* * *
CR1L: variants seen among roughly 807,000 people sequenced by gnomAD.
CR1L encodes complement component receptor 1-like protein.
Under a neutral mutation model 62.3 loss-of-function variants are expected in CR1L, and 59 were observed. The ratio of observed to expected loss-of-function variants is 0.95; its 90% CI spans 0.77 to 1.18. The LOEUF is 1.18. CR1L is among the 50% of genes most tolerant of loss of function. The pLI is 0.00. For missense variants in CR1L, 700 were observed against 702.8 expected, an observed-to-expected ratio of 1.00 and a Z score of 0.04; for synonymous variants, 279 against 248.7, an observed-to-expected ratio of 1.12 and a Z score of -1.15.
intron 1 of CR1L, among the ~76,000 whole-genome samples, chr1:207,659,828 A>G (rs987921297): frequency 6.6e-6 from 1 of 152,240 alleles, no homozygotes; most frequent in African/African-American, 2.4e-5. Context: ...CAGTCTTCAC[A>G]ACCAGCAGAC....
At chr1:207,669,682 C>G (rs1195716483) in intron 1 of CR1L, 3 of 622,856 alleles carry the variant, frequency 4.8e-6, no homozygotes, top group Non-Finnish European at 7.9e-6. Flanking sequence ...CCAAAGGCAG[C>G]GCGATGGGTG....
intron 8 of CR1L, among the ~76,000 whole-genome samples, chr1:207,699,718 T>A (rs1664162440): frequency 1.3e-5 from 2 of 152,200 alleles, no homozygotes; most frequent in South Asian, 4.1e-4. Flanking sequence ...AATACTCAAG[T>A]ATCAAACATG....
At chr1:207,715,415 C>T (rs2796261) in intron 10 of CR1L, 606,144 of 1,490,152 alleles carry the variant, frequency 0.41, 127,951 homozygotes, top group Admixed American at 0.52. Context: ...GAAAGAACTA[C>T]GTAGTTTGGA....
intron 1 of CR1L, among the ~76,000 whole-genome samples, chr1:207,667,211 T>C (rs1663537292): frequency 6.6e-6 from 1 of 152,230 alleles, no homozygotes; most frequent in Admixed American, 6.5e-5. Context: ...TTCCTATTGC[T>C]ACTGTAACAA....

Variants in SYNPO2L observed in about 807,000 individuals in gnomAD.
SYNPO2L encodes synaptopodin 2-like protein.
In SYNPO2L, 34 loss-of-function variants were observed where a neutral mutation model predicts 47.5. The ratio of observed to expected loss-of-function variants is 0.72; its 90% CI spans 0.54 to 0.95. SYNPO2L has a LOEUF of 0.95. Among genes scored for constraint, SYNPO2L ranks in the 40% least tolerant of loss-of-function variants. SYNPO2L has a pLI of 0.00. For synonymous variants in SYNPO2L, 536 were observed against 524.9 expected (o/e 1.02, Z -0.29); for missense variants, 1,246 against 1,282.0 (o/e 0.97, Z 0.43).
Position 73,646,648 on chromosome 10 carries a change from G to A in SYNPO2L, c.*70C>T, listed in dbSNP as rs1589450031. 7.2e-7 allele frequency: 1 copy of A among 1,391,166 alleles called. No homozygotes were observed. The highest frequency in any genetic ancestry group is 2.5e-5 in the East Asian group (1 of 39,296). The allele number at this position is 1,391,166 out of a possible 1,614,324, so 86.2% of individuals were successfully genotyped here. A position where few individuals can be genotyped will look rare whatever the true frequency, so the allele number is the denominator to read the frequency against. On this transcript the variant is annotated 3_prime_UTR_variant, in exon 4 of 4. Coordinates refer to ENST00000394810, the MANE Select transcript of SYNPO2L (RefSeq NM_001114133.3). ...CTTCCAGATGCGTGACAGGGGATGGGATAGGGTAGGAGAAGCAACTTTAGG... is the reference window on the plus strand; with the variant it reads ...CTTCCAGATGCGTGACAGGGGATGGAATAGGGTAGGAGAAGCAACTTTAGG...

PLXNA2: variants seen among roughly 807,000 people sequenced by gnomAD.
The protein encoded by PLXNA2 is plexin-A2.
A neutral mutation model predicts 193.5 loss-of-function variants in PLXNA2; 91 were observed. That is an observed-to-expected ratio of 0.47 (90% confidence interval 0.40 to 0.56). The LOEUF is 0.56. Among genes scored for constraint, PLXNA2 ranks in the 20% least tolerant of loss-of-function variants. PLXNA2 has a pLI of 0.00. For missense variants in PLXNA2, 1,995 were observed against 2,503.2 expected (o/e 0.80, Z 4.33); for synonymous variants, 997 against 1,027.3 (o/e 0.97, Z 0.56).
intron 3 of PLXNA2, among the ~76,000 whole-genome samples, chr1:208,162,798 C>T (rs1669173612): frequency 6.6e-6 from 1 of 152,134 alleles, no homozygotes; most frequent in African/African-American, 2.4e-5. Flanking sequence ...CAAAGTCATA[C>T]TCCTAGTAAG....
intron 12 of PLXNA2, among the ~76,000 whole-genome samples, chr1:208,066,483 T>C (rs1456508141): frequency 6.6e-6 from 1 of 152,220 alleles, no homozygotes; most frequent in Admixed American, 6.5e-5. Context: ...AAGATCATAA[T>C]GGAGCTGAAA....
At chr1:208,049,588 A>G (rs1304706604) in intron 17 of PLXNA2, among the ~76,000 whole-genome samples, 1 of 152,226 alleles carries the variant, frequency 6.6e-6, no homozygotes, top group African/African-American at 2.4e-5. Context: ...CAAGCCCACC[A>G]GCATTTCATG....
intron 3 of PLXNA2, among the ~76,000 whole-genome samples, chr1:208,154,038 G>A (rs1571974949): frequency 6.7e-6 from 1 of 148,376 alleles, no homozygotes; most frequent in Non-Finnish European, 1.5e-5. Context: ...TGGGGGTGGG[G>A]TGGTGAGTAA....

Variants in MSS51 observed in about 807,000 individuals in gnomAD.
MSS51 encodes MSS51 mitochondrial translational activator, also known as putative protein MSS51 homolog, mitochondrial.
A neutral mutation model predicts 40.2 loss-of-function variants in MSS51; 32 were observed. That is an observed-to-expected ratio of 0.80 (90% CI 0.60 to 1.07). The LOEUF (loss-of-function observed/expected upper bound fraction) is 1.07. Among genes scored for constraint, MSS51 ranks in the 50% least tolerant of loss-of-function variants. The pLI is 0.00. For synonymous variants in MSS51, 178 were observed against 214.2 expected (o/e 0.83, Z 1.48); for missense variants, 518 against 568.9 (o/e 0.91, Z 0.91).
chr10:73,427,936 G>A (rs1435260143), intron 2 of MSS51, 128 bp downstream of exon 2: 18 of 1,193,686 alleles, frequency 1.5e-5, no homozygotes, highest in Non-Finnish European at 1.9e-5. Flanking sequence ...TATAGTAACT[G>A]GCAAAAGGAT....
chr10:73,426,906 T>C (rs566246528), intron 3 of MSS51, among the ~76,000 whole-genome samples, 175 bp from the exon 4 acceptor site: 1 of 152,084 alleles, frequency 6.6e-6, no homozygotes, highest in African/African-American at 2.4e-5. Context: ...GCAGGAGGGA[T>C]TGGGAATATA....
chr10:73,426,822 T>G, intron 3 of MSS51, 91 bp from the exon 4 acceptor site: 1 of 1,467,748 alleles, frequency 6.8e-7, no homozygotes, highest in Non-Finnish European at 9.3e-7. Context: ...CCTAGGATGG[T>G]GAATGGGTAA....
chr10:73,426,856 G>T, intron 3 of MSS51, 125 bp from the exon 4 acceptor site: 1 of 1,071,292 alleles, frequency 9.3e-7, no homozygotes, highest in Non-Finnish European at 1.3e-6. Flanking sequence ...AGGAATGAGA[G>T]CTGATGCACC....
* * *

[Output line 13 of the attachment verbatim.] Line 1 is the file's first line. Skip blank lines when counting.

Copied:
PLXNA2: variants seen among roughly 807,000 people sequenced by gnomAD.